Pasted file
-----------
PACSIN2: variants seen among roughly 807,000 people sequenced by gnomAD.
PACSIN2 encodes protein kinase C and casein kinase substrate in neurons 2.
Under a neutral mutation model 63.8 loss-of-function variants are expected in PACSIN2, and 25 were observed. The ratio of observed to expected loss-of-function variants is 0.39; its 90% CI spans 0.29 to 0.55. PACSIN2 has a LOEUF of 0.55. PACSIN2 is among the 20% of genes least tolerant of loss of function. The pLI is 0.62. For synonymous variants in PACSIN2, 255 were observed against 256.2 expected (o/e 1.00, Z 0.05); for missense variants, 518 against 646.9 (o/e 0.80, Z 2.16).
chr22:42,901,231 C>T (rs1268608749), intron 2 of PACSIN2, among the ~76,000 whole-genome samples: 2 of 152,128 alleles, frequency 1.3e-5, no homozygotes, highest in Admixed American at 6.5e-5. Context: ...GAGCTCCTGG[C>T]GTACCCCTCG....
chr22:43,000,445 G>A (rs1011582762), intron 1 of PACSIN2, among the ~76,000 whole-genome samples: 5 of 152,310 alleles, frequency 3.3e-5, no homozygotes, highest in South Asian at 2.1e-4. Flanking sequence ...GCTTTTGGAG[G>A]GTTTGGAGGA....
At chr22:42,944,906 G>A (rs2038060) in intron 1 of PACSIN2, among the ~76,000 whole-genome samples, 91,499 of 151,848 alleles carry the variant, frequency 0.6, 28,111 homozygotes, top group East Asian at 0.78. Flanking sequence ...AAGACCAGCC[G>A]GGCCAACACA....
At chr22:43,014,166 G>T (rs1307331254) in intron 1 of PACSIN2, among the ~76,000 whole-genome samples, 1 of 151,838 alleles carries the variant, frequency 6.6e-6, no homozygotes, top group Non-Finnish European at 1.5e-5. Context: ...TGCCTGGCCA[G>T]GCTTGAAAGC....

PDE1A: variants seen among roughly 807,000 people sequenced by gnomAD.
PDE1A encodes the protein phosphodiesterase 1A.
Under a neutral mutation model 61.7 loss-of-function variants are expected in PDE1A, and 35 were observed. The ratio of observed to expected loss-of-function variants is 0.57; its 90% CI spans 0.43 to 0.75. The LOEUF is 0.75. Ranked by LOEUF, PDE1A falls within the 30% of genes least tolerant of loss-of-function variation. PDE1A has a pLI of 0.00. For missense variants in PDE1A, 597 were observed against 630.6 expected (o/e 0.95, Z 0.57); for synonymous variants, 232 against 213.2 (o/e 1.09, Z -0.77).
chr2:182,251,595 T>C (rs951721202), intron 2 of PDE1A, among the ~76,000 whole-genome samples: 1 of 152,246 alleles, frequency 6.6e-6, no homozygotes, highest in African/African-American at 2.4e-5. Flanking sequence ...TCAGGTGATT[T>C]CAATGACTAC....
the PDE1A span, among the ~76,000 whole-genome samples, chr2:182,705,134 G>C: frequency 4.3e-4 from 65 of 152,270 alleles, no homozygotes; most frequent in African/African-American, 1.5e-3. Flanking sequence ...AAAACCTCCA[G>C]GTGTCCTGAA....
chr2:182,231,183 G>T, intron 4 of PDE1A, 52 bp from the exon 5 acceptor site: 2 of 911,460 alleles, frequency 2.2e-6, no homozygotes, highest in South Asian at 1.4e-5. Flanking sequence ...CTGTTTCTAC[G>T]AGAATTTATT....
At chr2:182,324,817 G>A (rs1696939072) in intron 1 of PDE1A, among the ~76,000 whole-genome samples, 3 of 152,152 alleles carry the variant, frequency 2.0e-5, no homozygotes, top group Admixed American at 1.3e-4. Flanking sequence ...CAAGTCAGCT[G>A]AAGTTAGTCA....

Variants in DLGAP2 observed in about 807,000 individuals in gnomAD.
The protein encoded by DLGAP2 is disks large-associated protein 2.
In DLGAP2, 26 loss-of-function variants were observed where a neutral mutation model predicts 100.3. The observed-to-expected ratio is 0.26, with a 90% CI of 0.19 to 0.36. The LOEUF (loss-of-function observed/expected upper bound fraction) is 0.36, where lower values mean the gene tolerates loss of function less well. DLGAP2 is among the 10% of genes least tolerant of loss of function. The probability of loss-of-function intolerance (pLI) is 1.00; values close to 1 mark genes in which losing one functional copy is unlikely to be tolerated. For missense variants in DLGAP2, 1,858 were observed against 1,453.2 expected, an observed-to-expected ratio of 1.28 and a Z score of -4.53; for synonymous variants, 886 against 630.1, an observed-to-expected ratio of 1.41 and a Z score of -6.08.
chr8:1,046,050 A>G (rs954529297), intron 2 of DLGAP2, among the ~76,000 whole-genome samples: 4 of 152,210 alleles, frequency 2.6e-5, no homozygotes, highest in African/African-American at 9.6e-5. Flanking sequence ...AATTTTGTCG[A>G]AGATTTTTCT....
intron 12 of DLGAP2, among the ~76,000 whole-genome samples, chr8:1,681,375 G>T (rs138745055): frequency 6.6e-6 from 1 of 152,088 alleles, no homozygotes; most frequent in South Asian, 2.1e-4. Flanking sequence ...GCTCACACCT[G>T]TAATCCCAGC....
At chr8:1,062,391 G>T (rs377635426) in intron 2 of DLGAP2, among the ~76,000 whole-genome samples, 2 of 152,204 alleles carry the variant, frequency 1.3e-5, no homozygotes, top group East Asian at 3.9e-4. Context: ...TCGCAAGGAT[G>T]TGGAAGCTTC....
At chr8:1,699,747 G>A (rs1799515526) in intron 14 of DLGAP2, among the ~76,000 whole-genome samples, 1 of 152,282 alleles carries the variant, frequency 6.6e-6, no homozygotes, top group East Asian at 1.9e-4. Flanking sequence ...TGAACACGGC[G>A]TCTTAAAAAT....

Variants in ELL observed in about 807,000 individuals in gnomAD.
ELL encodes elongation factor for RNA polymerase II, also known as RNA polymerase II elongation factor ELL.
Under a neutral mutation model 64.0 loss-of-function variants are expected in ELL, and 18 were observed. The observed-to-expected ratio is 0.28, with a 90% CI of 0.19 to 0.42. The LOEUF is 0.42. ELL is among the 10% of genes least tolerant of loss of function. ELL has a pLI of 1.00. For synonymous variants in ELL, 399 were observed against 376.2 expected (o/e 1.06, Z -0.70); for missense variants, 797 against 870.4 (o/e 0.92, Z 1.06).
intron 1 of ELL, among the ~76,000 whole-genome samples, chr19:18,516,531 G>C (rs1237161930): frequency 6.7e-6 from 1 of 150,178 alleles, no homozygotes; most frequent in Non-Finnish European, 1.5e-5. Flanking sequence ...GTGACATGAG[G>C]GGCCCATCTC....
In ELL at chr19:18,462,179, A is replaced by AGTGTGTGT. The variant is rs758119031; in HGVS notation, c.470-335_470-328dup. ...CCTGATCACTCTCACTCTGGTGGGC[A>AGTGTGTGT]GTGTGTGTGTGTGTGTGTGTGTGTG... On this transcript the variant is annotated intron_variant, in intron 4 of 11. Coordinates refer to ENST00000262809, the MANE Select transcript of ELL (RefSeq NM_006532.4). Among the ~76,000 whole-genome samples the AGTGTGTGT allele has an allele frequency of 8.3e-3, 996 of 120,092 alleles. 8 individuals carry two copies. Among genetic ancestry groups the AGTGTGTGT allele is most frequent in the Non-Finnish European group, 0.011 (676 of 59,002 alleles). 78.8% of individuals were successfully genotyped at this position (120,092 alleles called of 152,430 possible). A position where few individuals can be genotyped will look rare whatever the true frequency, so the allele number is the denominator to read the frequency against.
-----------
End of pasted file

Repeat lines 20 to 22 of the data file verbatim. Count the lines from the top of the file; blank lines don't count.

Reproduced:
At chr8:1,062,391 G>T (rs377635426) in intron 2 of DLGAP2, among the ~76,000 whole-genome samples, 2 of 152,204 alleles carry the variant, frequency 1.3e-5, no homozygotes, top group East Asian at 3.9e-4. Context: ...TCGCAAGGAT[G>T]TGGAAGCTTC....
At chr8:1,699,747 G>A (rs1799515526) in intron 14 of DLGAP2, among the ~76,000 whole-genome samples, 1 of 152,282 alleles carries the variant, frequency 6.6e-6, no homozygotes, top group East Asian at 1.9e-4. Flanking sequence ...TGAACACGGC[G>A]TCTTAAAAAT....

Variants in ELL observed in about 807,000 individuals in gnomAD.